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How to: Develop a Simple Windows Forms Control

This section walks you through the key steps for authoring a custom Windows Forms control. The simple control developed in this walkthrough allows the alignment of its Text property to be changed. It does not raise or handle events.

To create a simple custom control

  1. Define a class that derives from System.Windows.Forms.Control.

    public class FirstControl:Control{}
    
  2. Define properties. (You are not required to define properties, because a control inherits many properties from the Control class, but most custom controls generally do define additional properties.) The following code fragment defines a property named TextAlignment thatFirstControl uses to format the display of the Text property inherited from Control. For more information about defining properties, see Properties Overview.

    // ContentAlignment is an enumeration defined in the System.Drawing 
    // namespace that specifies the alignment of content on a drawing  
    // surface. 
    private ContentAlignment alignmentValue = ContentAlignment.MiddleLeft;
    

    When you set a property that changes the visual display of the control, you must invoke the Invalidate method to redraw the control. Invalidate is defined in the base class Control.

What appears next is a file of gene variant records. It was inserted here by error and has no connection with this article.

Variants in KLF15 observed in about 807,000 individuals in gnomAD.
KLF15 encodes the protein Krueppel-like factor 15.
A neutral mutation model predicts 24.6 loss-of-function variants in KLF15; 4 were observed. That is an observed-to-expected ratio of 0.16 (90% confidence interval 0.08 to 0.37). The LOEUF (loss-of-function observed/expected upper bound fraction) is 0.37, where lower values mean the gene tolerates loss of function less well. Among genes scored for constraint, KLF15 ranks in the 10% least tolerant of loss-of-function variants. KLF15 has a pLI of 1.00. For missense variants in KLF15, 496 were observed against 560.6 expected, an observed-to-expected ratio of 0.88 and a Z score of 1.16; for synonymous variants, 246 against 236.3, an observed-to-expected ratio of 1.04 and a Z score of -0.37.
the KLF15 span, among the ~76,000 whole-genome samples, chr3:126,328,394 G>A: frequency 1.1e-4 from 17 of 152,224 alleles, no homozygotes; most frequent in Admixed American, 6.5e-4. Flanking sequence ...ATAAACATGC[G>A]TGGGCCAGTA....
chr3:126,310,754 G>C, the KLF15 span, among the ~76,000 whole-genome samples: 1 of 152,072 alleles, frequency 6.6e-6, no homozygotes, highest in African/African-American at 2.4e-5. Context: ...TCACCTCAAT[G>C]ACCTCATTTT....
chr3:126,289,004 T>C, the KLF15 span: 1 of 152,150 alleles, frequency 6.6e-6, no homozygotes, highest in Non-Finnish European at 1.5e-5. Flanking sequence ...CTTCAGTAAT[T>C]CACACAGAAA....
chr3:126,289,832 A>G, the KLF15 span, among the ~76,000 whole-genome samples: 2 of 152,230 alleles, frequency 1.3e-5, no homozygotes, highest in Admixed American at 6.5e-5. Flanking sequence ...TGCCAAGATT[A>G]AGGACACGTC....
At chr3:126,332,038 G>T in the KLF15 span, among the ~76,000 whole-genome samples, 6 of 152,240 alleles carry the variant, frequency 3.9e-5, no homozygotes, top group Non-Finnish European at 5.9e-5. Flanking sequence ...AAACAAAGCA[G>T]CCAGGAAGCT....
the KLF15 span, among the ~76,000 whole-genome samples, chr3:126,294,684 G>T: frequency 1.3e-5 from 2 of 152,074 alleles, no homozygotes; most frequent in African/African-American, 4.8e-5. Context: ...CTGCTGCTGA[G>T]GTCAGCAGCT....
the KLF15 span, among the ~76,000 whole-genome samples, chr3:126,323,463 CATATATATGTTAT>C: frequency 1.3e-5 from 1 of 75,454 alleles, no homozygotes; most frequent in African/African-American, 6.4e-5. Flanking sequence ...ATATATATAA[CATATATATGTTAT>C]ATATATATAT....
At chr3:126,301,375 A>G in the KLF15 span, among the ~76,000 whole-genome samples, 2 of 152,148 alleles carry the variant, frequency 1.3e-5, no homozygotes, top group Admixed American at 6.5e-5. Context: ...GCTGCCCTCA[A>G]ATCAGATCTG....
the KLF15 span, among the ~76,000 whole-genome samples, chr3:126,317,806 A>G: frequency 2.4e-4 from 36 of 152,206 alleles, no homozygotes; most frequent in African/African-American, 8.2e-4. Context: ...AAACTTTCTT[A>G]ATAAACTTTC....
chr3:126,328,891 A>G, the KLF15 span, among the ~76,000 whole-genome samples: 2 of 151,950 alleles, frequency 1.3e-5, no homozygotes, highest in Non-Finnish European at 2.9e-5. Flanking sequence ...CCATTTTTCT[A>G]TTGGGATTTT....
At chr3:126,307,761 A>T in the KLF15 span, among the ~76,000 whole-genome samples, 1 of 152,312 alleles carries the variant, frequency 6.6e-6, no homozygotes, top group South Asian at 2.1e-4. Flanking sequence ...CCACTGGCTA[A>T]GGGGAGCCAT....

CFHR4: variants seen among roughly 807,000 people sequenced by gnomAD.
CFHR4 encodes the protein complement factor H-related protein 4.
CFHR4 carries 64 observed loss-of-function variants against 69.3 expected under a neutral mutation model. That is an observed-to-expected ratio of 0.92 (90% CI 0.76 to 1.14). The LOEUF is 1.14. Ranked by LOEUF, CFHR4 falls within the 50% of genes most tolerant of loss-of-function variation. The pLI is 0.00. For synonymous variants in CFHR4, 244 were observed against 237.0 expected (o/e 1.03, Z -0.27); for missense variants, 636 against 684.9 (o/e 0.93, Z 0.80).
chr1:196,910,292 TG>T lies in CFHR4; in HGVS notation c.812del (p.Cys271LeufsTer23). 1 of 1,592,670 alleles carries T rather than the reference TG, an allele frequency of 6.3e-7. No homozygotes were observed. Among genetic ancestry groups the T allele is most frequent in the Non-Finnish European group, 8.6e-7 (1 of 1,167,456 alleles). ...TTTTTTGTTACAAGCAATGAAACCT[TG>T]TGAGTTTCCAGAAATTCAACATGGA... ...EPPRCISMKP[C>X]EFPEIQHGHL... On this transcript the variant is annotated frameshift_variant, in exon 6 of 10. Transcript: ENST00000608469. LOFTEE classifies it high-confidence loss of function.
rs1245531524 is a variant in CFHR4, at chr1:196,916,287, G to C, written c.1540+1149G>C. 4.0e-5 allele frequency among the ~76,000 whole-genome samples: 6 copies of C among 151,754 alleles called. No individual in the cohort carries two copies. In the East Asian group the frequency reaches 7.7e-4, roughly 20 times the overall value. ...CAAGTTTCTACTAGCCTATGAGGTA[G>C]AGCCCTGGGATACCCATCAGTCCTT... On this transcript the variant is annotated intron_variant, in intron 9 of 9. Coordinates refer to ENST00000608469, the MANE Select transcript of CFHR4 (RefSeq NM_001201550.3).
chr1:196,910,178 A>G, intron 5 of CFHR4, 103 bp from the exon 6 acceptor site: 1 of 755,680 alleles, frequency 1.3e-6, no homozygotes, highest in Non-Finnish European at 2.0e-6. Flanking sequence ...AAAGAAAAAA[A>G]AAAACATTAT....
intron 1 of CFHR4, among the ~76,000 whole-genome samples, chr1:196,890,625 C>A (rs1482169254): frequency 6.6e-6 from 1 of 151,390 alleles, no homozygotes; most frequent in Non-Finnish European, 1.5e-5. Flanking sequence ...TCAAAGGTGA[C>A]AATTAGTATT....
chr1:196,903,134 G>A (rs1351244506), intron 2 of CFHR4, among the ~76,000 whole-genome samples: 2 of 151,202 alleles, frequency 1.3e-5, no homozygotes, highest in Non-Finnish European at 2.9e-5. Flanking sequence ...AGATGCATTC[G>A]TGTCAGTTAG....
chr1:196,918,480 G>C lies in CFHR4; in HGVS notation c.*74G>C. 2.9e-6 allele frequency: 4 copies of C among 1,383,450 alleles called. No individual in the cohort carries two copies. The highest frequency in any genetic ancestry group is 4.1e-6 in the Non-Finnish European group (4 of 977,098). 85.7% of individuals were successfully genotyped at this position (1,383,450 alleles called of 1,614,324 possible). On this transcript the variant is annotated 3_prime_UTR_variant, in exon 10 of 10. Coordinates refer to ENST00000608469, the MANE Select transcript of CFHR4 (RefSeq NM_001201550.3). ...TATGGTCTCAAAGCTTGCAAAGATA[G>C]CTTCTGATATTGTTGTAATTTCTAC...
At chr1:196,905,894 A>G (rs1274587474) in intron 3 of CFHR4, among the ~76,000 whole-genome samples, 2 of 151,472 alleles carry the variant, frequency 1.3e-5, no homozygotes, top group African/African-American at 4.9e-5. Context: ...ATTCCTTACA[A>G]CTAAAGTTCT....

3. Override the protected OnPaint method inherited from Control to provide rendering logic to your control. If you do not override OnPaint, your control will not be able to draw itself. In the following code fragment, the OnPaint method displays the Text property inherited from Control with the alignment specified by the alignmentValue field.

    protected override void OnPaint(PaintEventArgs e) 
    {   
        base.OnPaint(e);
        StringFormat style = new StringFormat();
        style.Alignment = StringAlignment.Near;
        switch (alignmentValue) 
        {
            case ContentAlignment.MiddleLeft:
                style.Alignment = StringAlignment.Near;
                break;
            case ContentAlignment.MiddleRight:
                style.Alignment = StringAlignment.Far;
                break;
            case ContentAlignment.MiddleCenter:
                style.Alignment = StringAlignment.Center;
                break;
        }
    
        // Call the DrawString method of the System.Drawing class to write    
        // text. Text and ClientRectangle are properties inherited from 
        // Control.
        e.Graphics.DrawString(
            Text, 
            Font,